Understand basic information about coronavirus disease (COVID-19), including its symptoms, complications, how it is transmitted and how to prevent transmission. Stay informed about COVID-19 through reputable sources such as UNICEF and WHO and national health ministry advisories. Be aware of fake information/myths that may circulate by word-of-mouth or online.


Recognize the symptoms of COVID-19 (coughing, fever, shortness of breath) in your child Seek medical advice by first calling your health facility/provider and then take your child in, if advised. Remember that symptoms of COVID-19 such as cough or fever can be similar to those of the flu, or the common cold, which are a lot more common. If your child is sick, keep them home from school and notify the school of your child’s absence and symptoms. Request reading and assignments so that students can continue learning while at home. Explain to your child what is happening in simple words and reassure them that they are safe.


Keep children in school when healthy.  If your child isn’t displaying any symptoms such as a fever or cough it’s best to keep them in school –unless a public health advisory or other relevant warning or official advice has been issued affecting your child’s school.


Instead of keeping children out of school, teach them good hand and respiratory hygiene practices for school and elsewhere, like frequent handwashing (see below), covering a cough or sneeze with a flexed elbow or tissue, then throwing away the tissue into a closed bin, and not touching their eyes, mouths or noses if they haven’t properly washed their hands.


Washing hands properly


Step 1: Wet hands with safe running water

Step 2: Apply enough soap to cover wet hands

Step 3: Scrub all surfaces of the hands –including backs of hands, between fingers and under nails –for

             at least 20 seconds

Step 4: Rinse thoroughly with running water

Step 5: Dry hands with a clean, dry cloth, single-use towel or hand drier as available


Wash your hands often, especially before and after eating; after blowing your nose, coughing, or sneezing; going to the bathroom/ toilets/latrines and whenever your hands are visibly dirty. If soap 8and water are not readily available, use an alcohol-based hand sanitizer with at least 60% alcohol. Always wash hands with soap and water, if hands are visibly dirty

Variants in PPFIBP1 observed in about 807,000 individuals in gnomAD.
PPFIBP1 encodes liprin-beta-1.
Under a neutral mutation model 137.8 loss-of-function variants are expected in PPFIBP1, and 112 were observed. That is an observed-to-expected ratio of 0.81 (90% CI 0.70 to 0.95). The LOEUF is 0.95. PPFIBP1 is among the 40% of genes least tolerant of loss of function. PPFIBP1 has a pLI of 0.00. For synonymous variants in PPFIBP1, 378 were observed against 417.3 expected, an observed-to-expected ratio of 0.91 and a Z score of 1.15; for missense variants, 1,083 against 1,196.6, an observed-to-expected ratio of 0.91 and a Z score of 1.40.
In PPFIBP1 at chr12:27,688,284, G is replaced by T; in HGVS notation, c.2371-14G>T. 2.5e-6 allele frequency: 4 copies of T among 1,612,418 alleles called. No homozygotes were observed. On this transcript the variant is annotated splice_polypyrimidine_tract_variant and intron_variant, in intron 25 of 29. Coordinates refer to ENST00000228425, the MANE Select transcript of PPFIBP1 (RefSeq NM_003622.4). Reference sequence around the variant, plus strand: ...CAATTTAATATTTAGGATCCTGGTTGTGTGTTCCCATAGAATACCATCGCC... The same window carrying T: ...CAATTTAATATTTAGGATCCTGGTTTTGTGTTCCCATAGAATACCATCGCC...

Help children cope with the stress


Children may respond to stress in different ways. Common responses include having difficulties sleeping, bed-wetting, having pain in the stomach or head, and being anxious, withdrawn, angry, clingy or afraid to be left alone. Respond to children’s reactions in a supportive way and explain to them that they are normal reactions to an abnormal situation. Listen to their concerns and take time to comfort them and give them affection, reassure them they’re safe and praise them frequently.


If possible, create opportunities for children to play and relax. Keep regular routines and schedules as much as possible, especially before they go to sleep, or help create new ones in a new environment. Provide age-appropriate facts about what has happened, explain what is going on and give them clear examples on what they can do to help protect themselves and others from infection. Share information about what could happen in a reassuring way.


For example, if your child is feeling sick and staying at home or the hospital, you could say, “You have to stay at home/at the hospital because it is safer for you and your friends. I know it is hard (maybe scary or even boring) at times, but we need to follow the rules to keep ourselves and others safe. Things will go back to normal soon.”



How can I get more information about COVID-19?


The Centers for Disease Control and Prevention (CDC) has published FAQs that are updated regularly: https://www.cdc.gov/coronavirus/2019-ncov/faq.html#basics. Also, the Hawaii Department of Health has a website dedicated to the disease in Hawaii: https://health.hawaii.gov/docd/advisories/novel-coronavirus-2019/.



Education of TCH Students





• Focus on good health behaviors, such as covering coughs and sneezes with the elbow and washing hands frequently


• Sing a song while washing hands to practice the recommended 20 second duration.